Works: written (all is rosy)


All is Rosy is taken from Undefinable Places In-between — a series of short essays I have written and continue to write under that title.

All is Rosy

Commercial messages work on us on various levels.

Regarding one level, we have grown up with advertising and we understand that rosy claims are crafted by people who get paid for it—whether they believe it or not. The rosy claim is a given. People understand the idea of shades of truth and truths (or lies) in context.

On another level, on some mysterious other-plane of consciousness, the rosy claim is assimilated and believed. There is a belief that the purchase will magically change our lives.

Of course the magic can be explained away as messages that appeal to deep needs and fears—the need to be loved or found attractive, the need to at least appear to be successful, the need to fulfil powerful obligations, the need to be part of something greater—but there is also an element operating here that is more aligned to a type of enchantment than psychological drives.

One presumes that if enchantment is happening then some type of entity is doing the enchanting — casting the spell. But it is not just the advertiser, or an ad agency creative team or a marketing strategist or a brand influencing blogger who creates the allure through well crafted messages and imagery, but also the products themselves. Even if the spin were somehow subtracted from the equation, the shiny car, the artfully prepared restaurant meal, the jacket, the jeans, the table, the chair, the kitchen blender, radiate some type of primal, fetishistic “come hither” that goes beyond being an aid to self image.

The enchantment can also be explained away as effective product design: the curves and colours, textures, weight, whatever—that makes a thing with a price tag sexy or must-have. The entity creating the enchantment could be, say, an industrial designer, or a product designer or a fashion designer. But this still doesn’t completely account for the allure. This type of product design is also part of the marketing message; the spin.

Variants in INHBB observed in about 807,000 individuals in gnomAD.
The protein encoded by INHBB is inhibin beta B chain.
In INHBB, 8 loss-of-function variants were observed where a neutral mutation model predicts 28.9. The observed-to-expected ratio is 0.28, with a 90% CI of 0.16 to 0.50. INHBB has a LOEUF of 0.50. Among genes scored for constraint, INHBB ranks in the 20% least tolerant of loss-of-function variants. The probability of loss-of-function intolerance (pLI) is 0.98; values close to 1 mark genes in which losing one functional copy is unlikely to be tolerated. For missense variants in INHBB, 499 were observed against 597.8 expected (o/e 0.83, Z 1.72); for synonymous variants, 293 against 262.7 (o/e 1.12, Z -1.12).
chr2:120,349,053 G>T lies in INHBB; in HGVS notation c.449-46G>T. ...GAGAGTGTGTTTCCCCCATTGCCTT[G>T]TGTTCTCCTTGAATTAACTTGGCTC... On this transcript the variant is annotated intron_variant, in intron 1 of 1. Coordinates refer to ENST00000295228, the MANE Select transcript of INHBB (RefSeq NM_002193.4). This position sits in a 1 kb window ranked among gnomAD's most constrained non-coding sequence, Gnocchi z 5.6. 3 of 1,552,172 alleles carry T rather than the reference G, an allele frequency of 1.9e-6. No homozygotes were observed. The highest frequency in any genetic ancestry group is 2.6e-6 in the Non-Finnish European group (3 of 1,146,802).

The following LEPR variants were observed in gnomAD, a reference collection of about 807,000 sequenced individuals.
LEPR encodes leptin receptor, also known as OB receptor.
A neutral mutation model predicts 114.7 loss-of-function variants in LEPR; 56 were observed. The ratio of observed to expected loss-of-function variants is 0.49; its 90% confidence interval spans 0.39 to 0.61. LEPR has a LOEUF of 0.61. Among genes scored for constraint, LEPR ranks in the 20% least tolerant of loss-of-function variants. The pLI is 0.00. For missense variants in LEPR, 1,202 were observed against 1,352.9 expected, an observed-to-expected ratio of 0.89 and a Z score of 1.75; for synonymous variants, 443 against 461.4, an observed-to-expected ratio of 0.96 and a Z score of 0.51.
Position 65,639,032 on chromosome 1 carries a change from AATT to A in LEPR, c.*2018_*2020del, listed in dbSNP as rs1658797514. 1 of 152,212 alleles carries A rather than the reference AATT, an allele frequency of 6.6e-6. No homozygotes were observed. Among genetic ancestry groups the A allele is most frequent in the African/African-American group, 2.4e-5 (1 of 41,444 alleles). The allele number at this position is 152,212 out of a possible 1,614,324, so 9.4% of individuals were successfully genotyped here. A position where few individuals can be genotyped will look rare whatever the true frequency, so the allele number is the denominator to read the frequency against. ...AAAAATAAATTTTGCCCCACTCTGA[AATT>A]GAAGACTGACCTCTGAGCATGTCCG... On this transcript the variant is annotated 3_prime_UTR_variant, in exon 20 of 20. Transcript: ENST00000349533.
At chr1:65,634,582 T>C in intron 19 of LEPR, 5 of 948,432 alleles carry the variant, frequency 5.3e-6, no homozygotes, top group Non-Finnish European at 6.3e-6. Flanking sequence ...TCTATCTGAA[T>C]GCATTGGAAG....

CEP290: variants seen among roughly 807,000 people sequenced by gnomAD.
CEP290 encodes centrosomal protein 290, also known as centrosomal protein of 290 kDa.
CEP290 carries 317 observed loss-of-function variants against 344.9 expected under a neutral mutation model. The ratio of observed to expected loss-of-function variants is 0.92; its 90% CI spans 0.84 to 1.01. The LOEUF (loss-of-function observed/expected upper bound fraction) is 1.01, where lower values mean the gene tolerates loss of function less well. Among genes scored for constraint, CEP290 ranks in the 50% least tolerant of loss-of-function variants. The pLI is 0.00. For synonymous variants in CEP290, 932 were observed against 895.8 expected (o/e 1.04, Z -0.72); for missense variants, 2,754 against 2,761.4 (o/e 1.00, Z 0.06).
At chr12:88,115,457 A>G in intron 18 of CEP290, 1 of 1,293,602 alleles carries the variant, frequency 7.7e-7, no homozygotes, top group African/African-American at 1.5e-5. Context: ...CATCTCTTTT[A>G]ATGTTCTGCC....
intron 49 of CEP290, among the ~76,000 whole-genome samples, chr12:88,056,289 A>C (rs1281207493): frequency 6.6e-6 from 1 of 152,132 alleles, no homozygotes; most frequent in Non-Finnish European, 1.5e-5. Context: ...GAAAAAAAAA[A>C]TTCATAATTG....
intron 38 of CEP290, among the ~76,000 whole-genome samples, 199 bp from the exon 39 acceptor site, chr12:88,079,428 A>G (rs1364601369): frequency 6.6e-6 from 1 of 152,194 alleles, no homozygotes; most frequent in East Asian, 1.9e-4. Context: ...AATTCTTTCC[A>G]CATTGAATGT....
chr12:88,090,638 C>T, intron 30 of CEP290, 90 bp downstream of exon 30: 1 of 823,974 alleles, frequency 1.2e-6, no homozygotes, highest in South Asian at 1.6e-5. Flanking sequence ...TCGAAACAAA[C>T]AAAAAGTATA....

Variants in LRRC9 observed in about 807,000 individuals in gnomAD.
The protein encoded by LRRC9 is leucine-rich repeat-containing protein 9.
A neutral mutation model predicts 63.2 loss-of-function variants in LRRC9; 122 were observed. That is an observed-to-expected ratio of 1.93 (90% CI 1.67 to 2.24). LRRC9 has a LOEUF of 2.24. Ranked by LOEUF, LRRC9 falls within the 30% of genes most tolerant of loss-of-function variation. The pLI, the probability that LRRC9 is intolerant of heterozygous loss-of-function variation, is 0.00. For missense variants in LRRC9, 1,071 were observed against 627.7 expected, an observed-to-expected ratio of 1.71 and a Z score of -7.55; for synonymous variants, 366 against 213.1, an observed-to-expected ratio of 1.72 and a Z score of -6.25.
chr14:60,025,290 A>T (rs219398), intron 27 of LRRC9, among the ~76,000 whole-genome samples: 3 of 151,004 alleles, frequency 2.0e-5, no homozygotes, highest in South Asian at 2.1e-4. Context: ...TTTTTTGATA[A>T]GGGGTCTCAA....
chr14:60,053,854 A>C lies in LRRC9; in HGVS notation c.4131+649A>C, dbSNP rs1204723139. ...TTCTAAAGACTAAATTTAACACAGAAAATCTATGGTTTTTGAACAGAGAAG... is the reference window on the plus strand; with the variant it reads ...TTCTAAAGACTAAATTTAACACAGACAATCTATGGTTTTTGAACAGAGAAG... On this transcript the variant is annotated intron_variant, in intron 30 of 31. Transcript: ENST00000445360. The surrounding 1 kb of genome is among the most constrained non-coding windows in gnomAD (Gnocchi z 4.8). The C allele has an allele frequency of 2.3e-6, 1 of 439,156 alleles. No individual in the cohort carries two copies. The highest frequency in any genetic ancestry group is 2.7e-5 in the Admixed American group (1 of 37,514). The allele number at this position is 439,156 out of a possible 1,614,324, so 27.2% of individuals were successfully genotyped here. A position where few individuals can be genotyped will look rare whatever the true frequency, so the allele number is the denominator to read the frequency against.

Something even beyond all of this is operating here.

With the same innocence and sense of wonder as a small kid holding up a string of plastic rubies to the sky and being charmed by the way the pink and crimson light is refracted so beautifully through its facets, we look at the car or the chair or the blender and we “get it”; that what we now have is a talisman with the transformative power to renew life—not by driving it or sitting on it or blending with it or looking at it or showing it to the world but merely by having it in our presence.

Back home from a day’s spending at the shopping precinct, you take the new jacket; drape it over the sofa. Place the new shoes nearby, still in the unlidded box with its crisp tissue paper. Next to the box, an exquisitely designed perfume bottle. Stand back and admire the arrangement. The coat. The shoes. The perfume. It looks like a magazine shoot. Sure. What you see is going to make you look more attractive and successful; and they are, in themselves, beautiful objects; but something else is happening. All three items are beaming their magic into some unfathomable place in your soul.

How else could we juggle the two states of mind simultaneously? Not believing and believing at the same time.




Picture: Watch advertisement. 

Photo: GS.